Molecular consequences of strong-effect autism mutations, including 16p11.2

  • Awarded: 2014
  • Award Type: Research
  • Award #: 308955

Understanding how genetic defects that cause autism lead to abnormal neurodevelopment is critical to developing mechanism-based treatments. One particularly important question is whether different genetic defects produce autism traits in completely different ways, or whether alterations in different genes trigger a cascade of cellular changes that overlap and ultimately lead to autism by the same biochemical mechanism. James Gusella and his colleagues at Massachusetts General Hospital aim to explore this question by using cutting-edge genome modification techniques to compare the effects of different autism-linked genetic traits in cultured human stem cells and neurons.

In a small-scale preliminary study using interference with messenger RNA, Gusella and his group suppressed expression of several autism genes whose normal function is to help regulate the timing and level of expression of other genes throughout the human genome1. The results indicated that reducing the expression of some autism genes in neuronal progenitor cells alters the expression of many other autism genes.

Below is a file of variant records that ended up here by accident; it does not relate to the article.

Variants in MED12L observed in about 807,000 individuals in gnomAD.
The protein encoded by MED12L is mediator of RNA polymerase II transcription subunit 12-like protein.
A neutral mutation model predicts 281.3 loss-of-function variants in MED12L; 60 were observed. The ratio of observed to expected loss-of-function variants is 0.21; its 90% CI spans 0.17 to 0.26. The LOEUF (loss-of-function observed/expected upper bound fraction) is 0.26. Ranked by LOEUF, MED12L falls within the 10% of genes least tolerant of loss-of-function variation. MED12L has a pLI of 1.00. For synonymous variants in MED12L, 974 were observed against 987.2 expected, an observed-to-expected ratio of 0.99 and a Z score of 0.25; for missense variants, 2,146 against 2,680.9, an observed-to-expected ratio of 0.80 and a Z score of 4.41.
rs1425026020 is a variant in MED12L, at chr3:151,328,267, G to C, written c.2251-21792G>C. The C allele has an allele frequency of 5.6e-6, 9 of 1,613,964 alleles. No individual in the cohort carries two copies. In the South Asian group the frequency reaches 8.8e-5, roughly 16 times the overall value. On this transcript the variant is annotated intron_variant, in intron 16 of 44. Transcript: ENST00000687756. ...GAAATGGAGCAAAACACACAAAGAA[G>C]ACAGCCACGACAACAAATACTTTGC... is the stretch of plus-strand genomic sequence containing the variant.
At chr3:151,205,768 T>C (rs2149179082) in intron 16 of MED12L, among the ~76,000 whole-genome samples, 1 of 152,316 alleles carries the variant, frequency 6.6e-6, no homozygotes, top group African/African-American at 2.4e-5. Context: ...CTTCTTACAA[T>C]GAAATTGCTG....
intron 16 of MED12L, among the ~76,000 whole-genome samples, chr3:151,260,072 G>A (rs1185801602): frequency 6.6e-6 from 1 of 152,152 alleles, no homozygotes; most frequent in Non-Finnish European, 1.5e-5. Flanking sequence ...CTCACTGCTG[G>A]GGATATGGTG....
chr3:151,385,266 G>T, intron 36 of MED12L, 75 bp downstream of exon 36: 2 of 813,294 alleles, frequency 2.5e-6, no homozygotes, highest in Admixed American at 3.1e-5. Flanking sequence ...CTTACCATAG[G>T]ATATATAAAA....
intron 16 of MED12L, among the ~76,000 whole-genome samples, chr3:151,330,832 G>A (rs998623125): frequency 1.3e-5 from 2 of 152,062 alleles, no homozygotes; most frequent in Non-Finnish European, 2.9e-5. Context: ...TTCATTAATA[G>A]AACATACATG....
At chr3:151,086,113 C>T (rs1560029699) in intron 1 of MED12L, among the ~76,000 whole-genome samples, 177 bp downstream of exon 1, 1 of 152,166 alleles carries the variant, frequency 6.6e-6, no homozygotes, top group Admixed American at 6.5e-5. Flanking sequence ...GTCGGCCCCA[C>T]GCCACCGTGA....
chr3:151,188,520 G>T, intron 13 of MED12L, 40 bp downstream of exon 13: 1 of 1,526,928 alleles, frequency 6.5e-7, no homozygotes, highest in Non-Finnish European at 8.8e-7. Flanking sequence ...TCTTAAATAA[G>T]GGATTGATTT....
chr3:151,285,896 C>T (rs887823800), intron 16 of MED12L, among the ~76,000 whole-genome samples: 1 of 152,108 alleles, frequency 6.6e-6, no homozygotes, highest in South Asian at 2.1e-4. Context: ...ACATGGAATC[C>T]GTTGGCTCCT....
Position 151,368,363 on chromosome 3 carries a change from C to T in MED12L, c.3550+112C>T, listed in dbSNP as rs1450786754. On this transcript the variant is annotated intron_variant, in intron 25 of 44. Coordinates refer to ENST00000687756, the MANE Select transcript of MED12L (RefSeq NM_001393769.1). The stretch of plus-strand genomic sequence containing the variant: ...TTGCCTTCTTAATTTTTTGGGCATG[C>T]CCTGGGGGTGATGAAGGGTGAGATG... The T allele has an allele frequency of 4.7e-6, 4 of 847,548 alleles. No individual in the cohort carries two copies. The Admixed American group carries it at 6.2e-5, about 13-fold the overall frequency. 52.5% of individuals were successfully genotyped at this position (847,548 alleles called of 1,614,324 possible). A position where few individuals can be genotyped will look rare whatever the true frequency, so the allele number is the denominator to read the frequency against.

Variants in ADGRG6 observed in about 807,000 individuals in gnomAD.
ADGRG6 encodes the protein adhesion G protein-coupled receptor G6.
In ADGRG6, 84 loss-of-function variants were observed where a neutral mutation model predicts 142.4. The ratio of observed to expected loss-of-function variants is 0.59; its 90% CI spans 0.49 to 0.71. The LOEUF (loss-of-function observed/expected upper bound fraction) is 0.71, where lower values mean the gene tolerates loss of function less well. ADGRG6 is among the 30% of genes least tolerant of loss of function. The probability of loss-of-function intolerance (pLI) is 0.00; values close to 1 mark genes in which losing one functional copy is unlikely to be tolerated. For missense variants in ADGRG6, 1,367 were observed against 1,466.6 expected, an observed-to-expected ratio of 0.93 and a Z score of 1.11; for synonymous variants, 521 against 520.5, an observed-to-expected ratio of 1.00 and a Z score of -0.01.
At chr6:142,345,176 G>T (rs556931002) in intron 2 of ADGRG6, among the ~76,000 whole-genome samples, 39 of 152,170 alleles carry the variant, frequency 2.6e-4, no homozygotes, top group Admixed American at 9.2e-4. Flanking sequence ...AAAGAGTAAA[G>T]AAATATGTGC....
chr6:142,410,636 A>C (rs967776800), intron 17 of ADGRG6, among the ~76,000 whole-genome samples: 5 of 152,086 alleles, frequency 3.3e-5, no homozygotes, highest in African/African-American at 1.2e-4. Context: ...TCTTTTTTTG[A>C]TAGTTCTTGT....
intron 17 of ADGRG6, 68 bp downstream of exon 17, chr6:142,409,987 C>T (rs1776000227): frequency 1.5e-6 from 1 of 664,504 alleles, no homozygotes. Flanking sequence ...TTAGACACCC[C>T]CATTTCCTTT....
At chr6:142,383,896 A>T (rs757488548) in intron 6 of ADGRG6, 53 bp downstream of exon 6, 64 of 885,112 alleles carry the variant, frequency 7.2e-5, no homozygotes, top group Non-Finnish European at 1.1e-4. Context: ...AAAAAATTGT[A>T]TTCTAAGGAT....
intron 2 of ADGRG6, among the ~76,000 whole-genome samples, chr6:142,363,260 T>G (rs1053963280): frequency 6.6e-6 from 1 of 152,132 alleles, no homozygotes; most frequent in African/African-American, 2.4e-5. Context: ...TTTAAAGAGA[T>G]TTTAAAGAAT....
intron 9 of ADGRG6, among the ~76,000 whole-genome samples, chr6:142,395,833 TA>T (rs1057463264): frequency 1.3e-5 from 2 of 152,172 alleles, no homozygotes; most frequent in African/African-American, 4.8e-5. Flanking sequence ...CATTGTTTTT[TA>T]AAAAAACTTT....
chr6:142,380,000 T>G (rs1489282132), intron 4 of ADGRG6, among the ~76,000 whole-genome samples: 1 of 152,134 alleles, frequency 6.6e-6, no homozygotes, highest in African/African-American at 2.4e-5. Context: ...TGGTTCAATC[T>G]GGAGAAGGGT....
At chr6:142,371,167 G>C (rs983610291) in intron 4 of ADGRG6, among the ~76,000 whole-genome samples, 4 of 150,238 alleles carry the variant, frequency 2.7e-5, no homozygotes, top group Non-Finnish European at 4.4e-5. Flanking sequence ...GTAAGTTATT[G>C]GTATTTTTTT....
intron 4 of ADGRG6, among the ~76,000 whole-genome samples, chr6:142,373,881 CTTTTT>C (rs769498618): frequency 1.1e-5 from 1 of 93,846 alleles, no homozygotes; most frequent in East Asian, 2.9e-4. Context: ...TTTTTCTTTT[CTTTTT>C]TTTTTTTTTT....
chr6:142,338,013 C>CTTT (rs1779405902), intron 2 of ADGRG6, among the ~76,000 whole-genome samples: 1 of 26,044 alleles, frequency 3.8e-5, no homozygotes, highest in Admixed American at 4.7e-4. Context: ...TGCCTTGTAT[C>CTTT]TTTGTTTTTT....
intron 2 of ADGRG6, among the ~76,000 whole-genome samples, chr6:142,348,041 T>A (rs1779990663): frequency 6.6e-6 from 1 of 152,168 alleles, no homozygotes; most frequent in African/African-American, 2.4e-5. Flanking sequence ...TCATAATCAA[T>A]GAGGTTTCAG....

To better define the gene networks involved in autism, the researchers are now applying a new genome editing technique that introduces precise mutations into selected autism genes in human stem cells, and are then measuring genome-wide expression changes. These comparisons are being done in authentic human cells with identical genomes (other than the introduced mutation) at the neural progenitor stage and throughout their development into mature nerve cells, a process of fundamental relevance to neurodevelopment in autism.

The results of this analysis will test the hypothesis that different autism genes produce the disorder by leading to the same kinds of changes in nerve cell development and that this biochemical mechanism is also triggered by the common deletion mutation of chromosomal region 16p11.2. Identification of a shared disease process despite different initial triggering genes would allow researchers to target that shared process for the development of interventions that would apply broadly in autism.



1.Sugathan A. et al. Proc. Natl. Acad. Sci. USA 111, E4468-4477 (2014) PubMed
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